Women's Day in UAE: Meet the Emirati on a mission to solve period woes with sanitary pad vending machines

Many women had to go through embarrassing situations because they got their period unexpectedly — and this has to change, she says


Nasreen Abdulla

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Published: Sat 4 Mar 2023, 12:47 PM

Last updated: Sun 5 Mar 2023, 10:26 PM

With Women’s Day around the corner, Khaleej Times is introducing more women who are breaking barriers, starting difficult conversations, and making a difference for thousands of people.

Make sanitary napkins accessible, affordable and convenient for women — that is the goal with which Emirati entrepreneur Alyazi Al Muhairi set up her business Coven. Established in August 2022, Coven tries to create spaces that are inclusive of women's menstrual health by providing safe and ultra-hygienic alternatives to feminine care.

“A woman’s journey is discounted,” said Alyazi. “There are so many instances where a woman has to cancel a meeting or plans because she unexpectedly got her period. If she is not carrying a pad, she has to step out of the office, rush to a supermarket or pharmacy and even hide it in her purse or wherever while she goes to the bathroom. Yet, majority of the bathrooms in offices and public places do not have a sanitary napkin dispenser.”

Working in policy-making for a government agency, Alyazi realised the lack of washroom equity between men and women and wanted to change that. It is to fill this gap that she and her friends set up Coven.

Why don’t offices provide sanitary napkins like they provide tissues or toilet paper?

“In my office, every woman would bring her own pads,” she said. “Once, we were out of pads because the cleaning lady took one. And that is when I started thinking, this is such a normal thing. Why don’t offices provide sanitary napkins like they provide tissues or toilet paper? There are so many women who are traumatised because they got their period unexpectedly and had to go through embarrassing situations because they didn’t have a pad readily available.”

99% women want pad vending machines: Poll

Functioning primarily as a B2B enterprise that aims to provide vending machines of sanitary napkins to offices and public places, Alyazi said she had faced a lot of resistance and challenges.

“We call offices and tell them that we will give them the vending machines at cost price or even free but we never hear back from them,” she admitted. “It is like people just do not want to acknowledge that women get periods or that they need pads.”

However, the team has seen tremendous response from businesses owned by women. “They are very responsive and on board with the idea,” she said. “We have noticed that when there are no women at the decision-making table, women’s needs are not considered. Whether it is periods rights or maternity leave or providing sanitary napkins.”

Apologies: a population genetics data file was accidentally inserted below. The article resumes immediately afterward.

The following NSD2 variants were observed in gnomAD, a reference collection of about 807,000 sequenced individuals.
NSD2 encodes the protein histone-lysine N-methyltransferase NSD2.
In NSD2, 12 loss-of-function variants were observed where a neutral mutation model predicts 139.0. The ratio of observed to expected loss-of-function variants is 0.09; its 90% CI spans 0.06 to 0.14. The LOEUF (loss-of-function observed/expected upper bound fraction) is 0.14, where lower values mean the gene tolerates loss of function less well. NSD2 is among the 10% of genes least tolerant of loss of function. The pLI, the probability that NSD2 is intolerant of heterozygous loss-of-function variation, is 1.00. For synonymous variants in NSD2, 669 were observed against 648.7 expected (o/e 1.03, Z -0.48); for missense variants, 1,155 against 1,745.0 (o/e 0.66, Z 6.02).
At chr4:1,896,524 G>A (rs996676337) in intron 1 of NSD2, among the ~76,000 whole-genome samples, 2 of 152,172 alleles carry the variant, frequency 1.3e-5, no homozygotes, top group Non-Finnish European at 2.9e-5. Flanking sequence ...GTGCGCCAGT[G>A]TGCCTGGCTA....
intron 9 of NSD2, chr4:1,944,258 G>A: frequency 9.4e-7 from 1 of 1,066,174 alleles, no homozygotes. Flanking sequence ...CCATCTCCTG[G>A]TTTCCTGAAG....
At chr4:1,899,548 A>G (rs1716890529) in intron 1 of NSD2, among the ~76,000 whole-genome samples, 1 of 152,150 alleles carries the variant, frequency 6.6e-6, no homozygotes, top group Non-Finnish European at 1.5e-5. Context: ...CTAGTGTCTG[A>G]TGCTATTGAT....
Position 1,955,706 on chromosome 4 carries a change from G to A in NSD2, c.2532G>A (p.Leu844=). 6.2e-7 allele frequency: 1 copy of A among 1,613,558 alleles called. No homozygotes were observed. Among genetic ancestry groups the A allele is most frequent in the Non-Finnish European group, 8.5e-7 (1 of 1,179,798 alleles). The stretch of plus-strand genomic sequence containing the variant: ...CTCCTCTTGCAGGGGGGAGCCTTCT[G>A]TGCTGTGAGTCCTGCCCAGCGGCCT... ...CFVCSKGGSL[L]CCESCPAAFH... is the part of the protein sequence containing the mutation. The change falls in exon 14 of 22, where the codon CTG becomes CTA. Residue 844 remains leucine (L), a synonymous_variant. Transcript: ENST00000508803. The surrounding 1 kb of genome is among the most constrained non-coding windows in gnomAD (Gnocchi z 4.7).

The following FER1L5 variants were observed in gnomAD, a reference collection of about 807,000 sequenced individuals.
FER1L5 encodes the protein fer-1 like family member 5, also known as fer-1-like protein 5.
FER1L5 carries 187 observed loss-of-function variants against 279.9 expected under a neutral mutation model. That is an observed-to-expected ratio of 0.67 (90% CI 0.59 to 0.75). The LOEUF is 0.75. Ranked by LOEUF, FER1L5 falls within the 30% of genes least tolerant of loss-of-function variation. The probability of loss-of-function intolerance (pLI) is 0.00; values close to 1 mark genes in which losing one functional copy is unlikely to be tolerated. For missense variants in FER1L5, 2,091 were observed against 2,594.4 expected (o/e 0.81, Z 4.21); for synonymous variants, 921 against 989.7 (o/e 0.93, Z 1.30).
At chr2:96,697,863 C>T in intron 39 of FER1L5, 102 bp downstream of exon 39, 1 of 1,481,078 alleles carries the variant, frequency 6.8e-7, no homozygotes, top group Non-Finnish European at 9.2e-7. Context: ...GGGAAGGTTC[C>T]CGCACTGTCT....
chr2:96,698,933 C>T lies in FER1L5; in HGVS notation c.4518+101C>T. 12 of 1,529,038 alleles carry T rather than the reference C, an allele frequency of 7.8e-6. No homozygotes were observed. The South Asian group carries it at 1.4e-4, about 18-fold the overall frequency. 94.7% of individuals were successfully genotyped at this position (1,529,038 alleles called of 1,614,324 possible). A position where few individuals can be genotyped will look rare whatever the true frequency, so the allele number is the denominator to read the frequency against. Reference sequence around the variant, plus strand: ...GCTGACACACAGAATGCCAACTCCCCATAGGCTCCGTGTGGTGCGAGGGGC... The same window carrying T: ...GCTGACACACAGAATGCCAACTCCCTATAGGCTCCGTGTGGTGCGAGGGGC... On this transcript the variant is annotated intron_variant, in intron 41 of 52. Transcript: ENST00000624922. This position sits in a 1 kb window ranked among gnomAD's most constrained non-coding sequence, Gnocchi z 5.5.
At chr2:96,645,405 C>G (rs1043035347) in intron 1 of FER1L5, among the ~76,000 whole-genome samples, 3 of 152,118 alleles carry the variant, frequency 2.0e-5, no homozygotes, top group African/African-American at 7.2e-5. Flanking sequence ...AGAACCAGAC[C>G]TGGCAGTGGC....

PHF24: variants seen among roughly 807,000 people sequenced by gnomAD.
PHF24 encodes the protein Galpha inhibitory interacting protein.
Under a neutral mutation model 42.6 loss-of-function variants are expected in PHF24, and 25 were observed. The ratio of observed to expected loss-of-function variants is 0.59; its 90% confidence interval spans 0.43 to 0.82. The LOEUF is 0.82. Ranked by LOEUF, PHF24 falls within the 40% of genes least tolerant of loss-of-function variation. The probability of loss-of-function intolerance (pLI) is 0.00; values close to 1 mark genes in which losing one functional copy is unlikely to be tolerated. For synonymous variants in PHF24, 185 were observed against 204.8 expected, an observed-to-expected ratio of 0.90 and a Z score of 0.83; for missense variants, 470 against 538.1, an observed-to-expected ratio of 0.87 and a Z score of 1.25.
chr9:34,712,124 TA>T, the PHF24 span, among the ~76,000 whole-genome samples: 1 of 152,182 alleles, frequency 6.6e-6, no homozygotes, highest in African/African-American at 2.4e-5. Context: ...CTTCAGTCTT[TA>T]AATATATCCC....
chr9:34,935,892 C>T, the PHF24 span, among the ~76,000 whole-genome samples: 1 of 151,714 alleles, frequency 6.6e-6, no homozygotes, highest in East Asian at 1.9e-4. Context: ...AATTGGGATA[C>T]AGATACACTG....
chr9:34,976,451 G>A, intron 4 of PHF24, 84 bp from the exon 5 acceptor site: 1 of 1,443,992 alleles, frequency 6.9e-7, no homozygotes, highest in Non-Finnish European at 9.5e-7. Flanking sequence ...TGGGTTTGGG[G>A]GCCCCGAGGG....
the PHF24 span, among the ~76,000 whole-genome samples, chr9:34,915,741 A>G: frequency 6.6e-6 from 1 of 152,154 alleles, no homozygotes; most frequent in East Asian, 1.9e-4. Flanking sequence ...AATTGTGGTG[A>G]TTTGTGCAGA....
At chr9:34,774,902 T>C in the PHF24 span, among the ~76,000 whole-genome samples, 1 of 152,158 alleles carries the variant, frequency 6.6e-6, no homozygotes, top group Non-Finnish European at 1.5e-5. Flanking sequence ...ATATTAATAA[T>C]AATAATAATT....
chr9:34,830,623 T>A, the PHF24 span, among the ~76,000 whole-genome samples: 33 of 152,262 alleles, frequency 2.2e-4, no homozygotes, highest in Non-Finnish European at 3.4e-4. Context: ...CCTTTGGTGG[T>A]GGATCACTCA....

In a survey of over 500 women, the company found that 99 per cent of women would like a sanitary napkin vending machine in their common areas. However, Alyazi says the vending machines currently available in some toilets are inconvenient and cumbersome. “Firstly it uses only coins,” she said. “Who carries coins with them all the time? Also, those pads are of inferior quality and could result in a UTI or infections.”


Affordable, environment-friendly

According to Alyazi, a lot of thought went into designing the pads. “We wanted something that was of good quality, affordable and environment-friendly,” she said. Coven products use bamboo fibres in a bid to make the product more sustainable.

“Making cotton takes a lot of resources,” she said. “Processing it is also very taxing for the environment because of the fumes released. Bamboo, on the other hand, is a self-generating tree and using its fibres is better for the environment.”

The packaging of the product has been designed to keep it discrete. “A lot of women feel embarrassed to take a pad out of their bag and walk to the bathroom with it,” said Alyazi. “So, we made the packaging to make it look discrete. In fact, I have tested it in many social settings to see if men can understand what it is. They mostly think it is a face mask.”

Alyazi says the team has worked very hard to design a high-quality product at low cost. “Our pads are tested in the lab to make sure they are hypoallergenic,” she said. “Also, we wanted them to be more readily available and at very low costs. No one ever even thinks of the fact that women of lower income cannot afford to buy pads. It is never discussed.”

The company has also donated thousands of sanitary napkins to women’s labor camps and at events to ensure that they reach those who need the most.


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